27 December 2007

The Tide is Changing

Here's a link to the Wall Street Journal article on fruitcake (not from the WSJ; actually, if you're reading this after December 2008, google WSJ and fruitake if the link doesn't work). I really do think there's a serious fruitcake-lover in the ranks at WSJ. This is an absolutely PRO-fruitcake article. Take heart, fruitcake lovers, your time is nigh.

3 comments:

Brian said...

Here is a section of the Wall Street Journal article that actually references a fruitcake recipe.
"Fruitcake lover Paul Brians, an English professor at Washington State University in Pullman, set out to solve the problem of fruit in fruitcake 10 years ago by experimenting with his own recipes. 'The secret lies in avoiding those disgusting glaceed cherries, citron, etc.,' he wrote in baking instructions posted on his university Web site."

For the adventurous, here is the website with Paul Brians' fruitcake recipe:

http://www.wsu.edu/~brians/recipes/fruitcake.html

John said...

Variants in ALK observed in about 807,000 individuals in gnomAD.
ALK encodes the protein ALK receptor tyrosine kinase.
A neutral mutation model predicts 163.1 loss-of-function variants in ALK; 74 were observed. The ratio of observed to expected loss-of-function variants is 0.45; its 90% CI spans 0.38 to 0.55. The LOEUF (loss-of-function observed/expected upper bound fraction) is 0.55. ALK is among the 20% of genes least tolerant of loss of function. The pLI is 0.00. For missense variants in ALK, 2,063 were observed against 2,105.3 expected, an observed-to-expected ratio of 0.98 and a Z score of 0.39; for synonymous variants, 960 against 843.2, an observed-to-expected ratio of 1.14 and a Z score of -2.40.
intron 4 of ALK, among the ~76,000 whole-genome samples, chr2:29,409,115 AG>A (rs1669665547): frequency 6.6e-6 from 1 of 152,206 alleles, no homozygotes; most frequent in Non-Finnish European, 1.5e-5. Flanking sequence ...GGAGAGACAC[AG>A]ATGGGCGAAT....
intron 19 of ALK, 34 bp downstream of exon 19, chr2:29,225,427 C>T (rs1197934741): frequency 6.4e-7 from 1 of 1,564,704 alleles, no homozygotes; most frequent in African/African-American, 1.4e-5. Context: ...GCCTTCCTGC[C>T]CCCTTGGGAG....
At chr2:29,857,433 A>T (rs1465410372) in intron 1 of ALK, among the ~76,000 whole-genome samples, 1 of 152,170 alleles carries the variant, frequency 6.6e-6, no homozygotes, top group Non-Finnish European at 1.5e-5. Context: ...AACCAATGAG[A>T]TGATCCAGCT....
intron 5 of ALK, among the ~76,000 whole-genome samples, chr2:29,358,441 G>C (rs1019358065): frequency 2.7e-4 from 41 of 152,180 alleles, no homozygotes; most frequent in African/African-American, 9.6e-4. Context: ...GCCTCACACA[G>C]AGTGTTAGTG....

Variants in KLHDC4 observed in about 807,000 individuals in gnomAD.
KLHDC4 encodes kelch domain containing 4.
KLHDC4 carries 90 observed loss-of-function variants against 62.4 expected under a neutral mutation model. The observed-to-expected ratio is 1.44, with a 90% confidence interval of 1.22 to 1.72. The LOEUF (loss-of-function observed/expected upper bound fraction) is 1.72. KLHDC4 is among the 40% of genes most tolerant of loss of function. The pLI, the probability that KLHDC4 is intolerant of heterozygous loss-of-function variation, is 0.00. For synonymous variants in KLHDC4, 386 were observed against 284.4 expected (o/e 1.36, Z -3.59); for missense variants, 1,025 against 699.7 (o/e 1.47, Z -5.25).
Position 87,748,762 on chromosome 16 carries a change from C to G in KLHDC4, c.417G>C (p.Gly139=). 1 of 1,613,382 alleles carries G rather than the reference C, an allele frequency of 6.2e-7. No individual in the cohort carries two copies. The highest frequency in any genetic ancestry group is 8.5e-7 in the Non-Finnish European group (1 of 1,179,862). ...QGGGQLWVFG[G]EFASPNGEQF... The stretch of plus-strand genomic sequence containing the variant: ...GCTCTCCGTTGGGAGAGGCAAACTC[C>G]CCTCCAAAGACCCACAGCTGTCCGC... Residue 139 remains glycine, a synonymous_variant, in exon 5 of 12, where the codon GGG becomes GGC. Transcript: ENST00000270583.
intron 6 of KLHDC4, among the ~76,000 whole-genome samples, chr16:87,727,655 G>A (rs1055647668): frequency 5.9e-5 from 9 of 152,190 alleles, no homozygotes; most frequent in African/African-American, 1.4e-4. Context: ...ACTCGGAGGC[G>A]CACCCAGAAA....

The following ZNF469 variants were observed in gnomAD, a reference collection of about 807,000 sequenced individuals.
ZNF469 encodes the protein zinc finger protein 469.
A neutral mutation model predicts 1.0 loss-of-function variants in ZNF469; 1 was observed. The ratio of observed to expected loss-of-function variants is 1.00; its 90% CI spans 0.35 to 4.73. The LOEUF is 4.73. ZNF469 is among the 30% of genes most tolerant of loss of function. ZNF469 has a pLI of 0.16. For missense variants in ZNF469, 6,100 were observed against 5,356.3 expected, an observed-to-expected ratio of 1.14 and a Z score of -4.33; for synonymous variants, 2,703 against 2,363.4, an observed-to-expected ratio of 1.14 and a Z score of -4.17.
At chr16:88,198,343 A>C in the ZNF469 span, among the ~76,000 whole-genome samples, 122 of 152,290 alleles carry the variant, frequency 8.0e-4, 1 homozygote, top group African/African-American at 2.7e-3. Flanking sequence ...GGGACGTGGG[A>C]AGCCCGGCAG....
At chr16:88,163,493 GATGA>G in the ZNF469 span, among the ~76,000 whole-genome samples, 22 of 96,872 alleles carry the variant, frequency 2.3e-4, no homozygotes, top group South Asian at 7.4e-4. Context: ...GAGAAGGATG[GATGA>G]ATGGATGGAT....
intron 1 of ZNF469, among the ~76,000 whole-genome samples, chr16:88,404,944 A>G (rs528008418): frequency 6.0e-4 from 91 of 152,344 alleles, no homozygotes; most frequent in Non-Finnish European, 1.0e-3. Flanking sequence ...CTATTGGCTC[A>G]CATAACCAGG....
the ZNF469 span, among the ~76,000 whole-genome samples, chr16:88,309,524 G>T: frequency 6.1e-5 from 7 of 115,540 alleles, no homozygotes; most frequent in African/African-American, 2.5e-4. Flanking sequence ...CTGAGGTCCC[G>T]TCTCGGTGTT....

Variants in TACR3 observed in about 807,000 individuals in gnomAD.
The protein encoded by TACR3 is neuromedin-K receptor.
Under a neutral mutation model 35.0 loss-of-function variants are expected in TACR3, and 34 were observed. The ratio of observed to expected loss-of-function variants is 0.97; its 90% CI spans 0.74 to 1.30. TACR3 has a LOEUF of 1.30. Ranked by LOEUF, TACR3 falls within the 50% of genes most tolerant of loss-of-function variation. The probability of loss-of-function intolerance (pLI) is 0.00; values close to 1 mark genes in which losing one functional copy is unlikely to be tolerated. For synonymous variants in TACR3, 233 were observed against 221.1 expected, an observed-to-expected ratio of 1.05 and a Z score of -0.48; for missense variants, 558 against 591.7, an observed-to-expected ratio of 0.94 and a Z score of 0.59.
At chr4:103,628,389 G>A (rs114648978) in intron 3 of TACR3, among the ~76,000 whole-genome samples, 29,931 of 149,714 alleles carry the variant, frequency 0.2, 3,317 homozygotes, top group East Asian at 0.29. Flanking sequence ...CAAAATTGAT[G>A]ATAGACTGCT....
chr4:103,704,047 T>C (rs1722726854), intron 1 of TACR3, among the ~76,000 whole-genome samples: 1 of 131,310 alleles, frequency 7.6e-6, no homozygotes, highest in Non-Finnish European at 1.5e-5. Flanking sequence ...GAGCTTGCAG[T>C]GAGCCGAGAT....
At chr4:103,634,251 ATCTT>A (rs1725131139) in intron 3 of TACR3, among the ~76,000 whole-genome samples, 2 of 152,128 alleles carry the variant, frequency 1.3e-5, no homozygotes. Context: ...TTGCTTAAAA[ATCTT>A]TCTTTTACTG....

Thanks for looking up that reference Brian, I'm looking for a recipe for my first homemade attempt (to practice for next season). I'm always amazed at the variety and quality of non-financial content in the Wall Street Journal, it got me to subscribe (well, plus a good promotional rate!)

Little Merry Sunshine said...

My 91 year old Nana is famous for her white fruitcake and, to me, it's just not Christmas without it. Two years ago, she and I made what would be the last fruitcake she ever made, and I've been hording it in my freezer ever since. She's now in the final weeks (months ?) of her life and is mostly not lucid. She doesn't know me anymore at all. She even has to be fed pureed food.

I just returned from spending Christmas with my mom and her at the nursing home and I took with me a couple of slices of the last fruitcake. After feeding her dinner on Christmas Day, my mom mashed up a bite or two of Nana's Fruitcake and said "Oh, mom, there's some cake here for dessert. Maybe you can tell me what kind it is." (Everything else Nana eats she thinks is catfish, even though it's not). Mom fed her a tiny bite and Nana's face lit up and she raised her head and said "That's MY fruitcake!"

Giving my Nana this gift for Christmas was the greatest part of Christmas this year and a memory to last me a lifetime.

I don't care what people say about fruitcake, to me it will always mean my Nana and love.